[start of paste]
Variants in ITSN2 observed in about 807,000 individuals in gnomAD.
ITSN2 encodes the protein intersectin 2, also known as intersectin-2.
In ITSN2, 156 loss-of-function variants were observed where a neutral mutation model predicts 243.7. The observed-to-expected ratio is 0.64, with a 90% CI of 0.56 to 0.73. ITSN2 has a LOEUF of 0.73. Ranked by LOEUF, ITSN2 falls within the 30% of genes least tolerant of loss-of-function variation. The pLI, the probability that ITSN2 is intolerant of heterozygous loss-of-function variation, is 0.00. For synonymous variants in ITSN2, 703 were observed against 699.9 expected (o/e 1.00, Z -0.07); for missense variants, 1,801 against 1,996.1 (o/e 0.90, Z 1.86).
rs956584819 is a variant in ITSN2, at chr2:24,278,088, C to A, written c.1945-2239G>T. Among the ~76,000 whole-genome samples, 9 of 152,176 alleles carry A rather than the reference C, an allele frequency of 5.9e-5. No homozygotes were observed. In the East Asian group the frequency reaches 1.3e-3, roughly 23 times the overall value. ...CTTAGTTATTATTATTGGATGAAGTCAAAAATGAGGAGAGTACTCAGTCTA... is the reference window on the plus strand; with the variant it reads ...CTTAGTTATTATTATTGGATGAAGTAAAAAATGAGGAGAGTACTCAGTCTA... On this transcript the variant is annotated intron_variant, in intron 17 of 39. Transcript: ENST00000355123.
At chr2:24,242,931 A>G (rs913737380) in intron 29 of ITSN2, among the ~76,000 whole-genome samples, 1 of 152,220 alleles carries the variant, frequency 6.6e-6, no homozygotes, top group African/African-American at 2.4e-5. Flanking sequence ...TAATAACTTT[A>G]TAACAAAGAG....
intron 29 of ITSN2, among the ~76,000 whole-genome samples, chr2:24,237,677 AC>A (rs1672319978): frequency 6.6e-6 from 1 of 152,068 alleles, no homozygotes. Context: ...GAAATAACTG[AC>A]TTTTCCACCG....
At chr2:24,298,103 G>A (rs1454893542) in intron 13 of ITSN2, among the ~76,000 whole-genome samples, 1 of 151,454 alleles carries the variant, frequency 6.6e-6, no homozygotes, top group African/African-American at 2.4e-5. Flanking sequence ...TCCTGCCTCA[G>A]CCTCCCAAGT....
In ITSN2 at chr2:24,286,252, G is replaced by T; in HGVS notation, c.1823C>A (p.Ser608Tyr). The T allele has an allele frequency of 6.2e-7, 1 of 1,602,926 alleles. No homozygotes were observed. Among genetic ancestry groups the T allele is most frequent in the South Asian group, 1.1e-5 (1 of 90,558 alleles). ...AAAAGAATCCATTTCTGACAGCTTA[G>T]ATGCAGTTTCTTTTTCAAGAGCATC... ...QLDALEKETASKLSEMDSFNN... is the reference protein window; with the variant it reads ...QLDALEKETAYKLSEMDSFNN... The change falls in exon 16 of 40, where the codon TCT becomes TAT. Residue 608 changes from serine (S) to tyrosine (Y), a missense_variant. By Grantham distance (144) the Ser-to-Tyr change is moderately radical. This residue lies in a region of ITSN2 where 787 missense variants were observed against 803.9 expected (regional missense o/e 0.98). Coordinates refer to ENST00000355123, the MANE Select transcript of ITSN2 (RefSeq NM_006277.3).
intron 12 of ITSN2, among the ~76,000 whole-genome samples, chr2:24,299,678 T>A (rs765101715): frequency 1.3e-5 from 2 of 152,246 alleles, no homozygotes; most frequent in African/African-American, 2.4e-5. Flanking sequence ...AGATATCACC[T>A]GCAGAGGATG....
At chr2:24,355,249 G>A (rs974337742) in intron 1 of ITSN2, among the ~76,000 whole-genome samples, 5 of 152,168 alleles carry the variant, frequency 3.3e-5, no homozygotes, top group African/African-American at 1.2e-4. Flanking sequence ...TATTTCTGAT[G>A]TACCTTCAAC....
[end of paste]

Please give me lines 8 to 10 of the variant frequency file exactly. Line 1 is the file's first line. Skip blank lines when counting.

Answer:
In ITSN2 at chr2:24,286,252, G is replaced by T; in HGVS notation, c.1823C>A (p.Ser608Tyr). The T allele has an allele frequency of 6.2e-7, 1 of 1,602,926 alleles. No homozygotes were observed. Among genetic ancestry groups the T allele is most frequent in the South Asian group, 1.1e-5 (1 of 90,558 alleles). ...AAAAGAATCCATTTCTGACAGCTTA[G>T]ATGCAGTTTCTTTTTCAAGAGCATC... ...QLDALEKETASKLSEMDSFNN... is the reference protein window; with the variant it reads ...QLDALEKETAYKLSEMDSFNN... The change falls in exon 16 of 40, where the codon TCT becomes TAT. Residue 608 changes from serine (S) to tyrosine (Y), a missense_variant. By Grantham distance (144) the Ser-to-Tyr change is moderately radical. This residue lies in a region of ITSN2 where 787 missense variants were observed against 803.9 expected (regional missense o/e 0.98). Coordinates refer to ENST00000355123, the MANE Select transcript of ITSN2 (RefSeq NM_006277.3).
intron 12 of ITSN2, among the ~76,000 whole-genome samples, chr2:24,299,678 T>A (rs765101715): frequency 1.3e-5 from 2 of 152,246 alleles, no homozygotes; most frequent in African/African-American, 2.4e-5. Flanking sequence ...AGATATCACC[T>A]GCAGAGGATG....
At chr2:24,355,249 G>A (rs974337742) in intron 1 of ITSN2, among the ~76,000 whole-genome samples, 5 of 152,168 alleles carry the variant, frequency 3.3e-5, no homozygotes, top group African/African-American at 1.2e-4. Flanking sequence ...TATTTCTGAT[G>A]TACCTTCAAC....